Your banner works hard. It shakes... it trembles ... it drapes ... it whips... it snaps ... it chafes .. it bakes ... it freezes .. it ripples ... it flutters .. it quivers ... it furls ... it rolls ... it twists ... it flaps ... it strains ... it flies ... it unfurls ... it hangs! Is it any wonder that it needs to be replaced two or three times a year to look crisp?

Vector vs. Raster: What Do I Use?

With all of the image options and file formats out there, it can be a little overwhelming when you are choosing what file type to use (and send to clients). Compatibility is always a concern when you are working with different file types, but when it comes to graphics and images the type of computer graphic format you use is essential to how the image renders.

There are two types of digital graphics files – vector and raster. Vector images are made of hundreds of thousands of tiny lines and curves (or paths) to create an image. Raster images are composed of pixels. But how do you know what format is best for your next project?

Vector Images

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Vector images, which are made of thin lines and curves known as paths, are rooted in mathematical theory. Vector graphics must be created in computer software that is designed to create this intricate wireframe-type image and each line includes defined node positions, node locations, line lengths and curves. Any of the lines and curves in the image can be assigned a color value. Because of this defined, formulaic approach to drawing, each image can be sized and scaled repeatedly and limitlessly without losing resolution or beginning to look cloudy or pixelated.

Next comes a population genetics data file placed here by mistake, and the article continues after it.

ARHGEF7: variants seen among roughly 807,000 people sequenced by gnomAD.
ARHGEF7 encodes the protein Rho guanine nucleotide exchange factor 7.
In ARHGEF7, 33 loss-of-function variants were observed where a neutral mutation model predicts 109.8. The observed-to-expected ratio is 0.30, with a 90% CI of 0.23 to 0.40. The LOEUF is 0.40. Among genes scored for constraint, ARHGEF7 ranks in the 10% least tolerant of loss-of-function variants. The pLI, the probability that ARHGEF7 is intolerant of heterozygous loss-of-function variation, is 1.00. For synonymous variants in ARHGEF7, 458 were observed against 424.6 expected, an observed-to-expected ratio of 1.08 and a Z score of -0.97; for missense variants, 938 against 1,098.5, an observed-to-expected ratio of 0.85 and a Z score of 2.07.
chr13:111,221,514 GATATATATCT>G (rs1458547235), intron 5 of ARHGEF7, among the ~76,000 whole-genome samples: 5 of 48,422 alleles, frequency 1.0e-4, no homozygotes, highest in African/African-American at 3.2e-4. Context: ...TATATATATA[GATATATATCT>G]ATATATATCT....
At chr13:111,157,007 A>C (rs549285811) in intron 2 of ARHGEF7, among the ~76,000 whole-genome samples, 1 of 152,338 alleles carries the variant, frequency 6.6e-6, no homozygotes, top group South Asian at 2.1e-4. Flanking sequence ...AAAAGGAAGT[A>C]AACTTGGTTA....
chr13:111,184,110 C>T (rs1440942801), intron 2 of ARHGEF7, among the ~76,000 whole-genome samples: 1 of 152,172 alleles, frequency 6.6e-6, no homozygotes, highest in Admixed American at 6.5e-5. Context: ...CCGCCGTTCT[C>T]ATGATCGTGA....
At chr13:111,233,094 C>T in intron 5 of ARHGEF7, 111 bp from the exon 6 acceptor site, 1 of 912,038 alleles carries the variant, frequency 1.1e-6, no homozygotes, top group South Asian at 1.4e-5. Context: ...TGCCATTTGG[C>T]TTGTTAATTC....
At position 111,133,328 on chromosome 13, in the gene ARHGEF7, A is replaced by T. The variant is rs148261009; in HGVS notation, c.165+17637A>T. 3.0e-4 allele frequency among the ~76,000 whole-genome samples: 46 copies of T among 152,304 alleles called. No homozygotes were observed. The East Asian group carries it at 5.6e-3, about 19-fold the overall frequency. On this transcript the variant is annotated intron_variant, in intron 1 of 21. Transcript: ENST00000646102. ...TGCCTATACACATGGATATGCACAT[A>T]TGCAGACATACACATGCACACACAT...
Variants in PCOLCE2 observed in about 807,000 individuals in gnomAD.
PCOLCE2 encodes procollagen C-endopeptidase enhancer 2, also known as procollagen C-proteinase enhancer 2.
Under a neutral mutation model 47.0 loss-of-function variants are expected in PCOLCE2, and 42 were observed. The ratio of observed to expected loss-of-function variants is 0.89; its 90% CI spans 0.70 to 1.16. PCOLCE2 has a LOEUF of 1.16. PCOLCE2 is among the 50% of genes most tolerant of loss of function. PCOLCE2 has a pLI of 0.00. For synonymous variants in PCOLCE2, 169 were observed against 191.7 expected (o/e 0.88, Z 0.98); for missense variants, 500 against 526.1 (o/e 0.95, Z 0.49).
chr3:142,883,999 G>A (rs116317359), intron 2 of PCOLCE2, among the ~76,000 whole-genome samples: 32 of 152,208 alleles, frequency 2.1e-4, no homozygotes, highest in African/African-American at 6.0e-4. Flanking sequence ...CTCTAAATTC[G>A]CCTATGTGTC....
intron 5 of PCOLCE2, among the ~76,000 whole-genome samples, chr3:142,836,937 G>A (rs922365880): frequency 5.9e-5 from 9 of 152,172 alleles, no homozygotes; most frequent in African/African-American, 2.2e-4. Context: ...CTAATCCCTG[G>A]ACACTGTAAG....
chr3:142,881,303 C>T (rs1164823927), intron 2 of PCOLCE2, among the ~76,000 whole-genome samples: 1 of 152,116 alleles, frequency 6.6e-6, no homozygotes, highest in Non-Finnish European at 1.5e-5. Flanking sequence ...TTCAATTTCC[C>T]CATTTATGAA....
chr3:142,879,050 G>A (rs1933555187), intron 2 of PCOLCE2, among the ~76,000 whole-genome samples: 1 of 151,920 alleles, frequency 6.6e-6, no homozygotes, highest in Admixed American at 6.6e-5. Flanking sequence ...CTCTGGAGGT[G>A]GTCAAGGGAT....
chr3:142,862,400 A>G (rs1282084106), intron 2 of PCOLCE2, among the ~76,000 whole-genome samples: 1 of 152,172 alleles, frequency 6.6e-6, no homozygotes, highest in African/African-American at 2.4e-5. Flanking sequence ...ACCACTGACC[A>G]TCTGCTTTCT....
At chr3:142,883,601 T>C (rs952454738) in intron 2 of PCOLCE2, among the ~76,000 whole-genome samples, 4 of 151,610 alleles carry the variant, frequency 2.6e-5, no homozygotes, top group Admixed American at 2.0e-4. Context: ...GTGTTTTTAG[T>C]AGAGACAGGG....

You can identify a vector image by looking at its edges — a vector image will always appear smooth no matter how large you make it or how close you zoom in. Text is one of the most common types of vector image. No matter how much you increase a font’s size, for example, its look never changes.

Another advantage to using vector images is file-size efficiency. Because the files are only identified by mathematical descriptions and not individual pixels, files are often much smaller than those of the raster counterparts. Vector images, therefore, are often easy to transmit from one computer to another and over the Internet.

The most common problem with using vector images is compatibility. Vector images are often saved as native files from the program used to create the image, such as Adobe Illustrator, which may not be available to everyone you need to work with (though widely compatible formats do exist).